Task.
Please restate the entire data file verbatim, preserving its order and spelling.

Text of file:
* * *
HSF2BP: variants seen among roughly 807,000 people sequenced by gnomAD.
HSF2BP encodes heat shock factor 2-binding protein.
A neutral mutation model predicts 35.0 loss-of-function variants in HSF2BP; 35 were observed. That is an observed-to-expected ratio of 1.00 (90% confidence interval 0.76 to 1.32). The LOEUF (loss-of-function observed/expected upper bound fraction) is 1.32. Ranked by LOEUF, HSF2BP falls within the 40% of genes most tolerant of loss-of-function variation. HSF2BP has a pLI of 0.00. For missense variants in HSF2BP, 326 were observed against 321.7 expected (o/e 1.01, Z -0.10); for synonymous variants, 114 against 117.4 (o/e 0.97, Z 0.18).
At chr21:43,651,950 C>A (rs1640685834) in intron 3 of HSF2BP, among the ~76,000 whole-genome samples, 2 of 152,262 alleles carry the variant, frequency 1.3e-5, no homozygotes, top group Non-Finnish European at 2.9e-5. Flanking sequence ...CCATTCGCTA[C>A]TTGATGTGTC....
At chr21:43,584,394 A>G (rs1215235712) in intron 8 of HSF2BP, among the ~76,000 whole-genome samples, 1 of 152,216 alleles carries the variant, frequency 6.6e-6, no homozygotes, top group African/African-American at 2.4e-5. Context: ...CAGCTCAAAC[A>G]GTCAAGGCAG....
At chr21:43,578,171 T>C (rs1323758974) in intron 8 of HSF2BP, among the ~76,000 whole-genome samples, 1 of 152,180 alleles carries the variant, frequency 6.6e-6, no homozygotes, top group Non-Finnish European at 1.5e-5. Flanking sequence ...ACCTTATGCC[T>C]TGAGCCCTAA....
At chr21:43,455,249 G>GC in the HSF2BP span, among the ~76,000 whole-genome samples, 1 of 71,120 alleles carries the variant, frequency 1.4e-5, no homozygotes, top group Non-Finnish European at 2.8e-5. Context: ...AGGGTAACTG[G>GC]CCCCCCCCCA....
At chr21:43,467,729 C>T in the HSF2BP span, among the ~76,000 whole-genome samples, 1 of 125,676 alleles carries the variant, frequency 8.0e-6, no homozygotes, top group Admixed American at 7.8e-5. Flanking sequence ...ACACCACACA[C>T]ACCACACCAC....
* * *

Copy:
HSF2BP: variants seen among roughly 807,000 people sequenced by gnomAD.
HSF2BP encodes heat shock factor 2-binding protein.
A neutral mutation model predicts 35.0 loss-of-function variants in HSF2BP; 35 were observed. That is an observed-to-expected ratio of 1.00 (90% confidence interval 0.76 to 1.32). The LOEUF (loss-of-function observed/expected upper bound fraction) is 1.32. Ranked by LOEUF, HSF2BP falls within the 40% of genes most tolerant of loss-of-function variation. HSF2BP has a pLI of 0.00. For missense variants in HSF2BP, 326 were observed against 321.7 expected (o/e 1.01, Z -0.10); for synonymous variants, 114 against 117.4 (o/e 0.97, Z 0.18).
At chr21:43,651,950 C>A (rs1640685834) in intron 3 of HSF2BP, among the ~76,000 whole-genome samples, 2 of 152,262 alleles carry the variant, frequency 1.3e-5, no homozygotes, top group Non-Finnish European at 2.9e-5. Flanking sequence ...CCATTCGCTA[C>A]TTGATGTGTC....
At chr21:43,584,394 A>G (rs1215235712) in intron 8 of HSF2BP, among the ~76,000 whole-genome samples, 1 of 152,216 alleles carries the variant, frequency 6.6e-6, no homozygotes, top group African/African-American at 2.4e-5. Context: ...CAGCTCAAAC[A>G]GTCAAGGCAG....
At chr21:43,578,171 T>C (rs1323758974) in intron 8 of HSF2BP, among the ~76,000 whole-genome samples, 1 of 152,180 alleles carries the variant, frequency 6.6e-6, no homozygotes, top group Non-Finnish European at 1.5e-5. Flanking sequence ...ACCTTATGCC[T>C]TGAGCCCTAA....
At chr21:43,455,249 G>GC in the HSF2BP span, among the ~76,000 whole-genome samples, 1 of 71,120 alleles carries the variant, frequency 1.4e-5, no homozygotes, top group Non-Finnish European at 2.8e-5. Context: ...AGGGTAACTG[G>GC]CCCCCCCCCA....
At chr21:43,467,729 C>T in the HSF2BP span, among the ~76,000 whole-genome samples, 1 of 125,676 alleles carries the variant, frequency 8.0e-6, no homozygotes, top group Admixed American at 7.8e-5. Flanking sequence ...ACACCACACA[C>T]ACCACACCAC....